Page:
Did you know that in 2017 the first genetically modified apples that don’t turn brown when cut open were available? CNN was proud to report the story on its website under the headline, “New Frontier in Apples: Red or Golden but Never Brown.” CNN was not the only media outlet to report the story.
Regulatory approval took almost five years for these genetically modified apples. According to Neal Carter, founder and president of Okanagan Specialty Fruits—the Canadian company that engineered the apples—“Now we can get down to business planting trees and selling Arctic apples. We’re stoked.”
But what about us as consumers? Should we be stoked? Yes, an apple that does not brown may be appealing and convenient if you slice apples before eating them, but that’s not the way I eat them. I enjoy biting into a nice, crisp, whole apple with the juice running down my chin.
The genetically modified organism (GMO) issue is not only about apples. From the outset, the argument supporting genetically modified crops may seem reasonable: They are resistant to pesticides, grow better in harsh climates, and may provide higher yields. But the issue runs much deeper.
So what are GMOs? The World Health Organization defines GMOs as “organisms in which the genetic material (DNA) has been altered in such a way that does not occur naturally.” This terminology can also be referred to as genetic engineering (GE) or biotechnology, and the process is designed to modify organisms to produce a particular desired trait. In the late ’80s, tobacco plants became the first GE crops. The Food and Drug Administration (FDA) approved many more GE crops in the following decade, including corn, soy, cotton, canola, potato, squash, and tomato, which were to be used for commercialization. Since FDA approval, GE crops have steadily increased, primarily being modified to make plants resistant to either insects or herbicides. As of August 2012, the FDA had approved a total of 144 crops.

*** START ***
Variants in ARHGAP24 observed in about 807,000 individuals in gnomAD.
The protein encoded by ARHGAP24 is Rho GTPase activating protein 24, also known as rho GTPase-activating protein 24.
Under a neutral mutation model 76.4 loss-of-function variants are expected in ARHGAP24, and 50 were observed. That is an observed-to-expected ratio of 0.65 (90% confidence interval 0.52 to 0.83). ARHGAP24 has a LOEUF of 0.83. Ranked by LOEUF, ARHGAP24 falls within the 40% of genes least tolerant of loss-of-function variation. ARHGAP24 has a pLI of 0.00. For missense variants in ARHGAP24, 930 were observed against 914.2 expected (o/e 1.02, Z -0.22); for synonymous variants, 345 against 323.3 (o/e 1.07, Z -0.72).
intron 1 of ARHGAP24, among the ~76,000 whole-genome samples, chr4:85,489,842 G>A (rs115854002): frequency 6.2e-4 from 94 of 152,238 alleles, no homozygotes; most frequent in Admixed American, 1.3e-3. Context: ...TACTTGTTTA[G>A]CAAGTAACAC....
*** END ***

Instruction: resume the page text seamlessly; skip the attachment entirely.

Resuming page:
If GMOs are safe, why are food companies opposed to labeling their products that contain GMOs? The fact is, we don’t really know if these foods are safe. Most of the world has taken a wait-and-see approach. According to the Non-GMO Project, more than 60 countries (including the entire European Union, Japan, and Australia) have significant restrictions or outright bans on producing and selling GMOs. In the United States, the government has approved GMOs based on studies conducted by the same corporations that created them and profit from their sale. The crops’ status as patented intellectual property means that these corporations can (and do) prevent truly independent studies by third parties from being conducted. Further, the Environmental Working Group has said the US Department of Agriculture’s (USDA) action “underscores the need for a transparent and consistent national labeling standard.”
However, some GMO supporters argue that GE has been occurring for centuries through crosspollination of plants. What these supporters fail to recognize is that GE is not a simple process of cross-breeding; GE is a new, unnatural type of genetic modification. It requires the deliberate addition of a foreign gene or genes to the chosen organism’s genome. An organism’s gene carries information that will give the organism a trait, and GE is not limited to traditional plant breeding. In fact, GE physically removes the DNA from one organism and transfers the gene(s) for one or multiple traits into another organism.
In the GE process, parts of DNA from the bacteria Bacillus thuringiensis are removed and put into the plant cells through genetic transformation. Then, the entire plant becomes rejuvenated from the transgenic plant cells. Many known strains of Bacillus thuringiensis produce the protein crystals that are toxic to insects. Specific strains are used to address specific pests. The newly formed plant will play host to the Bacillus thuringiensis toxin in its cells—all of its cells, the root, the stem, the leaves, the flower, and the fruit. When the desired insect eats the plant, the toxin will bind to the insides of the insect’s body and cause its gut wall to break down, which will allow the toxin and normal internal gut bacteria to penetrate its body. As these spores and bacteria multiply in the body, the insect will die.